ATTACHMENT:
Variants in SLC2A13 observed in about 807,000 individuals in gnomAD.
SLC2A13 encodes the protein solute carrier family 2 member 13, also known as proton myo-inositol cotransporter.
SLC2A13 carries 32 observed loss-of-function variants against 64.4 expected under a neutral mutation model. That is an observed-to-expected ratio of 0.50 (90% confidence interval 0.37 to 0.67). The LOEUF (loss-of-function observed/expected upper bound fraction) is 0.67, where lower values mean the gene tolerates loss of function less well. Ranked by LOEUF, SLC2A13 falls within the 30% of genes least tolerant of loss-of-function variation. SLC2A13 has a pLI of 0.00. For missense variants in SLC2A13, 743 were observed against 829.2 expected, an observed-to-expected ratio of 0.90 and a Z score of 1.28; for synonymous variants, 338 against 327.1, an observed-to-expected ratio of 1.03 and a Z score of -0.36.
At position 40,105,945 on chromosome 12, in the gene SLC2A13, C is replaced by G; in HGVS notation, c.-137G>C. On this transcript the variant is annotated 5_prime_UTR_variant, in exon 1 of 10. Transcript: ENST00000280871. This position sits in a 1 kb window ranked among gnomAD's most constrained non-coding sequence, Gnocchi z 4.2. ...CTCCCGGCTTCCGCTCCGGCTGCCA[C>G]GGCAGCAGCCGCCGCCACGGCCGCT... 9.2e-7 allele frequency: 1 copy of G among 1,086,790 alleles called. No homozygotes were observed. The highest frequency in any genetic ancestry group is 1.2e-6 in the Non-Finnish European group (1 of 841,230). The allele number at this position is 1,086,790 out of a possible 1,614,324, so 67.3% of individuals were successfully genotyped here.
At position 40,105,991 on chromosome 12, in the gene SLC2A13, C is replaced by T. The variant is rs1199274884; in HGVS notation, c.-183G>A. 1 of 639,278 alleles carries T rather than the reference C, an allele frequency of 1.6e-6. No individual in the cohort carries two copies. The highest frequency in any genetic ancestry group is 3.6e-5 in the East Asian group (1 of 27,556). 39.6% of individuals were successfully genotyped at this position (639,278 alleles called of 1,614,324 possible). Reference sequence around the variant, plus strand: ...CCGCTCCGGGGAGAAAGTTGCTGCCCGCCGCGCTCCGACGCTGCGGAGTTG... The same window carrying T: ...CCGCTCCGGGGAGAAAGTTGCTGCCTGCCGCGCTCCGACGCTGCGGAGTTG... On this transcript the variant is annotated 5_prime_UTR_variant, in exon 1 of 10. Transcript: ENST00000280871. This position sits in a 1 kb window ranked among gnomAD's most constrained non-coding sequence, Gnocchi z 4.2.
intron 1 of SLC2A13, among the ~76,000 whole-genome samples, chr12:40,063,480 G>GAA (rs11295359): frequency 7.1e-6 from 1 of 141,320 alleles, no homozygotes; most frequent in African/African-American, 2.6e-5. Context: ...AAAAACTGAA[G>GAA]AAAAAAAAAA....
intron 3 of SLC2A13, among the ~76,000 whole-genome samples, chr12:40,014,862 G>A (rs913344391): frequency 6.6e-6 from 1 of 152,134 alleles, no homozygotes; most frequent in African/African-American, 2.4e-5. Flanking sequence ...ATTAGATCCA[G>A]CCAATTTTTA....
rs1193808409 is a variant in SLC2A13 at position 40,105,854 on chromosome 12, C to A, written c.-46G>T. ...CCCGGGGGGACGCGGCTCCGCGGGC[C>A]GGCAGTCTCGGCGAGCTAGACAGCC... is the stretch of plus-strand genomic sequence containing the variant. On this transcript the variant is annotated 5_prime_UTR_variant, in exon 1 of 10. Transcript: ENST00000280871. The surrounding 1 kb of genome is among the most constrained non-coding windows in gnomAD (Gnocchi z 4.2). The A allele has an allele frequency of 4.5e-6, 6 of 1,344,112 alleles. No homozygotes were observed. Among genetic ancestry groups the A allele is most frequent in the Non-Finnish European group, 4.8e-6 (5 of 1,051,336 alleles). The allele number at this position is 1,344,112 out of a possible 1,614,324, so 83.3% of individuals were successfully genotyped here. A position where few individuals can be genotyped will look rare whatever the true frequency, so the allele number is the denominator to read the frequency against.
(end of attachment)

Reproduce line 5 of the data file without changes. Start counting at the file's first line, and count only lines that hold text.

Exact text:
At position 40,105,991 on chromosome 12, in the gene SLC2A13, C is replaced by T. The variant is rs1199274884; in HGVS notation, c.-183G>A. 1 of 639,278 alleles carries T rather than the reference C, an allele frequency of 1.6e-6. No individual in the cohort carries two copies. The highest frequency in any genetic ancestry group is 3.6e-5 in the East Asian group (1 of 27,556). 39.6% of individuals were successfully genotyped at this position (639,278 alleles called of 1,614,324 possible). Reference sequence around the variant, plus strand: ...CCGCTCCGGGGAGAAAGTTGCTGCCCGCCGCGCTCCGACGCTGCGGAGTTG... The same window carrying T: ...CCGCTCCGGGGAGAAAGTTGCTGCCTGCCGCGCTCCGACGCTGCGGAGTTG... On this transcript the variant is annotated 5_prime_UTR_variant, in exon 1 of 10. Transcript: ENST00000280871. This position sits in a 1 kb window ranked among gnomAD's most constrained non-coding sequence, Gnocchi z 4.2.